Of course, there is more than a simple a choice of musical key that can cause some women to diminish their voice in shul. Some feel that the synagogue is not an atmosphere that is open and inviting to women. The choice of key is symbolic of the larger phenomenon – that the locus of control is elsewhere in the room. The decisions that are made as to how the service runs all come from a place to which we have no access. While it’s true that all the men in the room are also at the mercy of the baal tefillah’s choice in music and the gabbai’s choice in aliyah, we women know that these positions will never be open to us. I cannot simply wait until next week to choose my favorite tunes for Kedusha at Mussaf. I might indirectly influence the choice when my husband leads davening, and he chooses tunes he knows I’ll enjoy. Thus, it is only when I have an emissary on the other side that I feel I can have a voice. And even then…. Well, let’s just say my husband has a lovely tenor voice which does not jive well with my alto.

But maybe that’s just it. Maybe we women need male allies, advocates on the other side of the mechitzah, who will think of us, who will sometimes ask us what our preference is, and how we’d like to sing. It may sound patronizing, infantilizing even, to assert that women need this. But the reality is that if Orthodox women are going to have a voice in the typical Orthodox sanctuary, a musical say in the davening, it will only be with the help of the men.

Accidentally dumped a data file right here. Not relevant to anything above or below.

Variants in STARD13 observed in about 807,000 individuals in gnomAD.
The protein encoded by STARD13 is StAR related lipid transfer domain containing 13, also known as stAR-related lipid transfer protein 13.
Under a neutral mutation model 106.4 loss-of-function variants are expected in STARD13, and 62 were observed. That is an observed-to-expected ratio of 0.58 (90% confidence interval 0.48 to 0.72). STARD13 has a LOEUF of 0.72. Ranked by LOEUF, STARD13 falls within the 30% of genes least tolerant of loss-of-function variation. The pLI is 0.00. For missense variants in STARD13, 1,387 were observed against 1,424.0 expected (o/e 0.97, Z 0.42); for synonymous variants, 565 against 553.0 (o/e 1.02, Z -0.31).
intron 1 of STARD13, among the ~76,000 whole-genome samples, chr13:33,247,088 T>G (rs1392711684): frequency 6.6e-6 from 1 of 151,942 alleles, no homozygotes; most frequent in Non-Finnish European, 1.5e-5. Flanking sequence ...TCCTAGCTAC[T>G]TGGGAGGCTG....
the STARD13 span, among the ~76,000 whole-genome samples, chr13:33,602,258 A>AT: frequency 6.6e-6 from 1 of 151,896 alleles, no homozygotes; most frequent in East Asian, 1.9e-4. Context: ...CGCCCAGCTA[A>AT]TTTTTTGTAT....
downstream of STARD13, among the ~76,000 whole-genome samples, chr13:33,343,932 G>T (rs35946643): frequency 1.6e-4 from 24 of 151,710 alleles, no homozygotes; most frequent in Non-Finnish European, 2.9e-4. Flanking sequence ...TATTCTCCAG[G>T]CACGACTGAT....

I recall one particular time it did happen for me, when I was in Chicago, serving in a clergy capacity Anshe Sholom, on a Shabbat when the rabbi was away. As the baal tefillah was about to begin singing Lecha Dodi, he suddenly stopped. There was a long, silent pause, after which he looked across the mechitzah at me and mimed a total blank. He had choked. He simply could not come up with a single Lecha Dodi tune in that moment. I’m sure if the rabbi had been there, he would have started a tune. But our baal tefillah looked to me as the clergy who would have to step in. And without missing a beat, I began singing, and he followed suit.

Would it be so hard? I’m sure there are many musical women in our congregations who would jump at the chance to choose a tune, and yes, choose the key. Of course there are many Orthodox settings where women are leading Kabbalat Shabbat and other parts of Tefillah, but in situations where a woman cannot lead, at least let her lead from behind. I venture to guess that when the women’s voices are comfortable, we will more readily belt out Lecha Dodi – or Etz Chayim Hi or Aleinu – and that this will further our ability to feel like full participants in the room. I wonder what would happen if the women chose the key. I wonder if the men would begin to understand our experience. I wonder if we might create a beautiful harmony of the masculine and feminine voices in prayer, voices that could combine and together, reach the heavens.